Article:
Adviser remuneration reforms and vertical integration bans: a sign of things to come?

 

By investigating practices implicit in vertically integrated business models, the Australian Royal Commission report is likely to ask serious questions of the wealth management industry: UK wealth managers need to take note.

In early February a seminal report into misconduct in the wealth management industry is expected to be released which is likely to have profound consequences.

Since December 2017, an Australian Royal Commission has been investigating the banking, superannuation (pension scheme), and financial services industry, seeking out misconduct, conduct falling below community standards, and misuse of retirement savings. As the name suggests the remit has been broad, but some of the biggest impacts have been in the wealth industry, particularly relating to financial advice.

Even before the publication of the interim report last September, the Commission’s hearings had cut a swathe through the Australian wealth industry. It has already ended careers of numbers of senior executives, CEO, and board members, raised the possibility of criminal charges being laid, and contributed to the destruction of conservatively £5 billion in market value.

Australia may be an island – albeit a big one – but it’s a globally significant pensions market. It is often looked to for lessons learned – good and bad – by market participants and regulators elsewhere. For UK market participants, where vertical integration (VI) has returned to the wealth industry in a range of models, there are some important warning signs to consider before the FCA does.

Key questions for UK

The final report will no doubt be lengthy, complex, and wide-ranging. However we see two critical questions emerging which are just as relevant for the UK wealth industry:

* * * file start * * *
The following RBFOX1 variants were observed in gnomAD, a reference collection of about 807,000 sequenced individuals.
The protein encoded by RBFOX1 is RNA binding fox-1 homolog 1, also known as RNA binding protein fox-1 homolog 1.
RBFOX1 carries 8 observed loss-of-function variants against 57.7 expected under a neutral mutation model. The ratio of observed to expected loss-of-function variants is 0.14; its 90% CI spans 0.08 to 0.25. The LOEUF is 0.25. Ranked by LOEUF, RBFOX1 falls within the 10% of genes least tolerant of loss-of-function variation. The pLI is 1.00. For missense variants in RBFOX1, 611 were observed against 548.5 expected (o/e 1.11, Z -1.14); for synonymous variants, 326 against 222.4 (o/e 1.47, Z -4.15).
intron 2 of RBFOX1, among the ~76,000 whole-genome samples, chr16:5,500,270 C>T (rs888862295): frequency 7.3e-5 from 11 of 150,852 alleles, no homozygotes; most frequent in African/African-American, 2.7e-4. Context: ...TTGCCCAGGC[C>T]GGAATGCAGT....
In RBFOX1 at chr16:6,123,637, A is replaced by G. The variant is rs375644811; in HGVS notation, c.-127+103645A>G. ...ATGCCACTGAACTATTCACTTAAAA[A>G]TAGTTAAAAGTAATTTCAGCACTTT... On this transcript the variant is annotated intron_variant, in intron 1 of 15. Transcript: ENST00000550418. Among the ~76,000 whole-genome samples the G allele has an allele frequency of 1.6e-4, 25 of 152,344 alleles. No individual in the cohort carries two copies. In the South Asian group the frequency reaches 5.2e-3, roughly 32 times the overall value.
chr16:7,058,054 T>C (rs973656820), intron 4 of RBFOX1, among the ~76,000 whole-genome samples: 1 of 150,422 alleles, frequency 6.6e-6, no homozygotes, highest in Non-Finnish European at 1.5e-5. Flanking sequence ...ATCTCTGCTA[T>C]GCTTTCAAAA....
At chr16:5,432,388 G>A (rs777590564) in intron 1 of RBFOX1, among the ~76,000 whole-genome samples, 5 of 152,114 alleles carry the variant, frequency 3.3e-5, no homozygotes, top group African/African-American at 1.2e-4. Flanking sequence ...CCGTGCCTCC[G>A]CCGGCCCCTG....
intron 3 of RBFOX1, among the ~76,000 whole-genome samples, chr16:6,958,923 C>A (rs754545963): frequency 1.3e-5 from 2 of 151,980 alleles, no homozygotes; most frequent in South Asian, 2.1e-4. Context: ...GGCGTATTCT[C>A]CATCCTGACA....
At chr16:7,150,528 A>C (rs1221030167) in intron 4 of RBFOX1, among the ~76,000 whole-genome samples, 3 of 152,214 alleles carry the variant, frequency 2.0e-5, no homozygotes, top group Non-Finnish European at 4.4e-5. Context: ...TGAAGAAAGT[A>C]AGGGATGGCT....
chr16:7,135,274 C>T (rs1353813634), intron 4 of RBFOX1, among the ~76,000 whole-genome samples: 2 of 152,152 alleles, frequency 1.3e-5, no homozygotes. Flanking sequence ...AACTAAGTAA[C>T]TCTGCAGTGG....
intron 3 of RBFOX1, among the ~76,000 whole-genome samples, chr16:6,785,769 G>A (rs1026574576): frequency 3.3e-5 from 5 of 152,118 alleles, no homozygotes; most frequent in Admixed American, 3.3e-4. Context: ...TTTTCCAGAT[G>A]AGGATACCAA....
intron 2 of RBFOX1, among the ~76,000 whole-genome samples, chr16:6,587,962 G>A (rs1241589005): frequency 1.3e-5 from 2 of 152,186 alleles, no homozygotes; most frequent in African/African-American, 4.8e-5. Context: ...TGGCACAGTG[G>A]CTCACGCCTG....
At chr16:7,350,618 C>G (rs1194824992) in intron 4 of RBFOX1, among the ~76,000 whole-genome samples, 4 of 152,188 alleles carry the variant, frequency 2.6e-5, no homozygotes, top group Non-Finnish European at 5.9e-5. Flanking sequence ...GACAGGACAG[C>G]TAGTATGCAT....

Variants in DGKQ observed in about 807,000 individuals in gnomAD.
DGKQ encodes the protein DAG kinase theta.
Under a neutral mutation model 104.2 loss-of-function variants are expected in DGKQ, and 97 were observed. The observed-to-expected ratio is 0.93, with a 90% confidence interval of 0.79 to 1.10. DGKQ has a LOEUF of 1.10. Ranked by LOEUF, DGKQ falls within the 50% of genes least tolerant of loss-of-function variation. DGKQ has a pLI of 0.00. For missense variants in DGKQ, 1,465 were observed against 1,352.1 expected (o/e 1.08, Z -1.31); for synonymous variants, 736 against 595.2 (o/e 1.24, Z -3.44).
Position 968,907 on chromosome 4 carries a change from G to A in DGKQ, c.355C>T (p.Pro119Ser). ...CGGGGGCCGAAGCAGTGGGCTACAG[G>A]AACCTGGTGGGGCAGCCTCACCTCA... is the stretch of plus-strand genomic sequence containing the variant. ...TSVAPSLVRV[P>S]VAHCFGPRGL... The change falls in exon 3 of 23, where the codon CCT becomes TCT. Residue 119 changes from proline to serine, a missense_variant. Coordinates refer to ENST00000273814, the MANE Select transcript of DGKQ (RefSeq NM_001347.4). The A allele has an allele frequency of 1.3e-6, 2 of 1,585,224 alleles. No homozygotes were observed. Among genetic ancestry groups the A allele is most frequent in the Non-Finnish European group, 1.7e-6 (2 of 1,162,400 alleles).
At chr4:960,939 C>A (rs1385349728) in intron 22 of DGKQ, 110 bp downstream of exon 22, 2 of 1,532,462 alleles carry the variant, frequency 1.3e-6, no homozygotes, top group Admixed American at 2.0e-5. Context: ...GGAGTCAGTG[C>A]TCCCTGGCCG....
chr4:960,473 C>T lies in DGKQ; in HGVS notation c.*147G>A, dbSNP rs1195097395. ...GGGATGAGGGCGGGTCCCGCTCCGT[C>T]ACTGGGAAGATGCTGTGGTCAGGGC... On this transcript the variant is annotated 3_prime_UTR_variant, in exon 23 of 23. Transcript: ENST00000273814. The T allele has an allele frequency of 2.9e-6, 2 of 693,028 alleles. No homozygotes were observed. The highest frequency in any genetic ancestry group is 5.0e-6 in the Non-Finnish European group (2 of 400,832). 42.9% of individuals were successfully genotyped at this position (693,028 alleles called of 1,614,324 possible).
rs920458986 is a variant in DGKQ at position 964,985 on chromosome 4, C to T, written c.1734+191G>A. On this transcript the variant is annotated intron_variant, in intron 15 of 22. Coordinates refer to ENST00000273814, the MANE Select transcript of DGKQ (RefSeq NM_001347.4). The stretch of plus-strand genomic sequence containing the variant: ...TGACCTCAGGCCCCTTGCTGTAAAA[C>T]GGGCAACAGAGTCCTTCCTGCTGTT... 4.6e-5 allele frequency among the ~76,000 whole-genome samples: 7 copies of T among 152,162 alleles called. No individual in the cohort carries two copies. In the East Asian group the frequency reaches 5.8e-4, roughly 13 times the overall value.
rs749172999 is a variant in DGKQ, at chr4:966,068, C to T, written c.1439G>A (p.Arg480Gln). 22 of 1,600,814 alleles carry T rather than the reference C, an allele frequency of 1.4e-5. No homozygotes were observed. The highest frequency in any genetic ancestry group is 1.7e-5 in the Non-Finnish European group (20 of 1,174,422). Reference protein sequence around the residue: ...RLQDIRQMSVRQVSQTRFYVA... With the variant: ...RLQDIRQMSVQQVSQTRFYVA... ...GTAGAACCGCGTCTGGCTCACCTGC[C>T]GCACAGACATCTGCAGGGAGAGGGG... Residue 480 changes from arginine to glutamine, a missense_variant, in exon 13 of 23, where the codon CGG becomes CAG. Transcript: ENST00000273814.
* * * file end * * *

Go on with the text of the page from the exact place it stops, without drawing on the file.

• How do you prevent financial incentives from corrupting the advice given to consumers?
  • Given that VI facilitates this outcome, do you need to structurally separate advice from product manufacture and sales?

VI has been increasingly prominent in the UK over the last few years, in two distinct guises: (Figure 1):

  • Forward integration: product owners (particularly of platforms) moving to acquire financial advice providers.
  • Backward integration: financial advice providers moving to develop or white label investment products and / or platforms; and platforms developing in-house investment products (particularly multi-manager, model portfolio providers, and DFM type products).

Figure 1: UK vertical integration trends

Pros and cons of vertical integration

VI is not fundamentally a bad thing for consumers. Wealth products and services are complex and many consumers experience information asymmetries. VI can allow a market participant to offer more complete services and a better experience via a “walled garden” of quality-vetted solutions. In an industry value chain where certain activities are highly valued or under-valued by customers relatively to their cost of delivery, VI can also be a relatively efficient way of reallocating value more evenly across activities.